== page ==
echo $e;
        return false;

Super easy. And there are all kinds of neat properties you can include in the image array, explained at the Graph API Photo documentation. Of particular interest to me was the “tags” property, described as returning “An array of JSON objects, the x and y coordinates are percentages from the left and top edges of the photo, respectively” when requested in a GET request. But how does one tag users when posting a photo?

Tagging a photo with the Graph API

The trick, it turns out, is to include a “tags” property as it suggests, with the following format: “tags” is an array of associative arrays, each of which contains the fields ‘x’ (x-coordinate of the tag as a percentage), ‘y’ (y-coordinate of the tag as a percentage), and ‘tag_uid’, a user UID. I never did any testing to see if there was any limit to how many tags, but it definitely works for one at least. Here is the updated post_image function from above, now including a tag of the logged-in user in the center of the image:

function post_image($fb, $session, $image_path){
        $tag = array(
            'tag_uid' => $fb->getUser(),
            'x' => 0,
            'y' => 0
        $tags[] = $tag;
        $image = array(
            'access_token' => $session['access_token'],
            'tags' => $tags,
        $image['image'] = '@'.realpath($image_path);
        $fb->api('/me/photos', 'POST', $image);
        echo "Success!";
        return true;
    }catch(FacebookApiException $e){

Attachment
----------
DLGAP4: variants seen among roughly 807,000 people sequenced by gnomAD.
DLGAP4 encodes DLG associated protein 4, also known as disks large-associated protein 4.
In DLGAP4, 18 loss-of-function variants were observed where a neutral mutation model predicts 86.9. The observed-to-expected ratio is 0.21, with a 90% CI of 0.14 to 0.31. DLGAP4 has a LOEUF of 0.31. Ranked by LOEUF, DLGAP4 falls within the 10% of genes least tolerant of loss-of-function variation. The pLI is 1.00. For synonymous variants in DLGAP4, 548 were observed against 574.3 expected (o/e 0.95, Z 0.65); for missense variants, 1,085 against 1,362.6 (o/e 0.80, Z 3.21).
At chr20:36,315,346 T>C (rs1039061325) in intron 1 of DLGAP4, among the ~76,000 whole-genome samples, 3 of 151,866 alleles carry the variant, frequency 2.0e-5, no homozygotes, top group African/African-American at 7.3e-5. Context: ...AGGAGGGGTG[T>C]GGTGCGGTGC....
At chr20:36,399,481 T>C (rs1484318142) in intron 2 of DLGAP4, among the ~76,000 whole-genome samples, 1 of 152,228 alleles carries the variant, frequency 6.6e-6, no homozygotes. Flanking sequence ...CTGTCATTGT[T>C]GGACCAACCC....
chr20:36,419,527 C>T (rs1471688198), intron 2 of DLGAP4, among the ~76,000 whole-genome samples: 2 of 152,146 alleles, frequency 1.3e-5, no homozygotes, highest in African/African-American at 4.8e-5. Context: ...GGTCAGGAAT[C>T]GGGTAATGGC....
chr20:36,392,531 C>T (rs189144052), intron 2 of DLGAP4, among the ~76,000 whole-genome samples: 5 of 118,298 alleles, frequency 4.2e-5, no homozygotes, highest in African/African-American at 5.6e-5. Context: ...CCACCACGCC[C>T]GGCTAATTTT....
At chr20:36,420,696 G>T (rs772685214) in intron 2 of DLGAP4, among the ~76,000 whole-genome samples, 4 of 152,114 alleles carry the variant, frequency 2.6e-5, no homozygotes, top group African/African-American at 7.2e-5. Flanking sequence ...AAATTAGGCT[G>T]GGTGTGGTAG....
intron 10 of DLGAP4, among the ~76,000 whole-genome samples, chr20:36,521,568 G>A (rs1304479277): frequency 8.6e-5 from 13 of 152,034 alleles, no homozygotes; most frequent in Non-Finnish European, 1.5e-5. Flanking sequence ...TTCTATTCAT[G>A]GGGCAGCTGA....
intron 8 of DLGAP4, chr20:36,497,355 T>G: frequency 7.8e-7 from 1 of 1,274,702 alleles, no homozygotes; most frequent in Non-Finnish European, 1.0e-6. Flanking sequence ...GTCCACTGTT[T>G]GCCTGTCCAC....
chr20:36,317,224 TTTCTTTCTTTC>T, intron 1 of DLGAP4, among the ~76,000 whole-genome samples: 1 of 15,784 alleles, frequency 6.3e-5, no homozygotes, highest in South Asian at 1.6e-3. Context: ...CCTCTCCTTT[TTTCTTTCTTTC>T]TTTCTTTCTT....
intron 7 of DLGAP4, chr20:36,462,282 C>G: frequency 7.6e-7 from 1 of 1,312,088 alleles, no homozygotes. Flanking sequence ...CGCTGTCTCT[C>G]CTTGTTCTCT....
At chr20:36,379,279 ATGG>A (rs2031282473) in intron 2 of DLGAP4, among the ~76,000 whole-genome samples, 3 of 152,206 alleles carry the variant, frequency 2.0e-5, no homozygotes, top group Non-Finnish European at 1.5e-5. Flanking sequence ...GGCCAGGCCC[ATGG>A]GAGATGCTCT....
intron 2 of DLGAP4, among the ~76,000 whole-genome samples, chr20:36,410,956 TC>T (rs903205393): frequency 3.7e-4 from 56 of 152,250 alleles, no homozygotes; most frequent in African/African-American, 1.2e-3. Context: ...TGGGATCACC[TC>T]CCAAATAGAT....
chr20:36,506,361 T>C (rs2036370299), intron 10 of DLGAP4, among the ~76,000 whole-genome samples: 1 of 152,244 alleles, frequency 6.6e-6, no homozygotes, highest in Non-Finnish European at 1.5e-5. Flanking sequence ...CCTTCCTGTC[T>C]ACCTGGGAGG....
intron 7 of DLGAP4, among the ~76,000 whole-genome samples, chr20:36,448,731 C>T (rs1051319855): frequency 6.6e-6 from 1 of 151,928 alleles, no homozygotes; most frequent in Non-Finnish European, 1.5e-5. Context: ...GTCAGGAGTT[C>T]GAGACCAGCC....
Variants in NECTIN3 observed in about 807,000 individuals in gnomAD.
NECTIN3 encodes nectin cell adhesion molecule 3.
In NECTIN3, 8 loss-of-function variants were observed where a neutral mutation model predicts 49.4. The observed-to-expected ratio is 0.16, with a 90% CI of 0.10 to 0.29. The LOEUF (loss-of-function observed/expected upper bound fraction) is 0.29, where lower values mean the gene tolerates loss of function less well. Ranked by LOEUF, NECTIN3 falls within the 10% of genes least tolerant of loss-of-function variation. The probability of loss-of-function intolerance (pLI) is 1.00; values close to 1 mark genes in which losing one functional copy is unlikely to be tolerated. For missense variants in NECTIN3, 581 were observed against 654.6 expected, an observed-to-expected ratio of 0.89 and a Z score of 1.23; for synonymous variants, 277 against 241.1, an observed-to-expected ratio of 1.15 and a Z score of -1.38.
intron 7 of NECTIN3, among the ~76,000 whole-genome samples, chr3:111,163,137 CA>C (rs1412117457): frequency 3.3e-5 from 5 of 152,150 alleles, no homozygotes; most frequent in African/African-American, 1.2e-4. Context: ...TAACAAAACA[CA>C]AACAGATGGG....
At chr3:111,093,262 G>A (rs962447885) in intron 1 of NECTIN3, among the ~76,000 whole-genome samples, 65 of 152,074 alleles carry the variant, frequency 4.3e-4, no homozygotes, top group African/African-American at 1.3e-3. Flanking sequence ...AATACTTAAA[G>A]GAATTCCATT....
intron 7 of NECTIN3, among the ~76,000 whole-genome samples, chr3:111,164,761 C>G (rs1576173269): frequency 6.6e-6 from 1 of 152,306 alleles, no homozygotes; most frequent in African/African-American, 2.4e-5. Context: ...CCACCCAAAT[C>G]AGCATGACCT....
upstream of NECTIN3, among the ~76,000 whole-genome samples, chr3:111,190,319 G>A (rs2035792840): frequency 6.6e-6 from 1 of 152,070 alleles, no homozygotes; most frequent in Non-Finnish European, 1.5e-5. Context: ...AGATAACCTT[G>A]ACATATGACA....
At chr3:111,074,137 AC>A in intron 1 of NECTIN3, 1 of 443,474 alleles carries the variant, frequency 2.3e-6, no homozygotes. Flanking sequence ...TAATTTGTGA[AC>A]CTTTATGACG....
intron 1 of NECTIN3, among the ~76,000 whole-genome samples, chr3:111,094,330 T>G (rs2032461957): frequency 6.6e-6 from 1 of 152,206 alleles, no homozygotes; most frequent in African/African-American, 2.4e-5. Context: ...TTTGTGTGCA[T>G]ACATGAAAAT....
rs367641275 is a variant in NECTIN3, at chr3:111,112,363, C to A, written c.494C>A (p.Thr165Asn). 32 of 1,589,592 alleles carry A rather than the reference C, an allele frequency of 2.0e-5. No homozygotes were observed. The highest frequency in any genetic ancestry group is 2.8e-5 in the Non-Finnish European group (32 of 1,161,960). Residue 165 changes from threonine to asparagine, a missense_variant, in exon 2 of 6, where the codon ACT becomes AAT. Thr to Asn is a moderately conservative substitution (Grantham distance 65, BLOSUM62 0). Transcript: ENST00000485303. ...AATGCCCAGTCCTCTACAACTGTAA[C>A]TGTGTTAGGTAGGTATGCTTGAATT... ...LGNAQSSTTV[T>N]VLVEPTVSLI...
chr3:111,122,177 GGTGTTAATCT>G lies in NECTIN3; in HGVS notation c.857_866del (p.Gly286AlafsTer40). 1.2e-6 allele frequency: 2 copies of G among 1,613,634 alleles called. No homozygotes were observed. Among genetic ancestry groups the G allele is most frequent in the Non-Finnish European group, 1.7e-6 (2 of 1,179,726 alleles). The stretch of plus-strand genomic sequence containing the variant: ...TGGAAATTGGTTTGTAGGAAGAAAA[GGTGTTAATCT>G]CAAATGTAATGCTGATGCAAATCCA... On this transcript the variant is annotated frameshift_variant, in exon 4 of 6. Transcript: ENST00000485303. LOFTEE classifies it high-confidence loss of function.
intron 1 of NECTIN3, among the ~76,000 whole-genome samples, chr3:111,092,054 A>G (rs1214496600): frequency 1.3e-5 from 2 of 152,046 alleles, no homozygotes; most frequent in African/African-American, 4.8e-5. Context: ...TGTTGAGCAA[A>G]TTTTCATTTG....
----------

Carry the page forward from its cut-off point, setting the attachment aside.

echo $e;
        return false;

As the name implies, the get_user method of the Facebook object retrieves the user ID (actually the Graph ID) of the logged-in user.

In conclusion, having just scratched the surface of the possibilities of the Graph API, I am very excited by its breadth and depth. Though lacking in complete documentation, when wrapped up in some of the reasonably well-done SDKs, it is both straightforward and indeed easy to include powerful Facebook functionality in web applications.

Country Selection Splash Pages Are Stupid

Posted on 20 June 2012 by Joseph

I love the Microplane kitchen tools (and would probably love the woodworking tools too if ever I had used them). What I don’t love is the unnecessary step of choosing my country upon arriving at their website. In a world where tools like visitor.js exist, much less the vast array of server-side techniques for doing just this, why am I ever forced to click ‘Microplane USA’ again?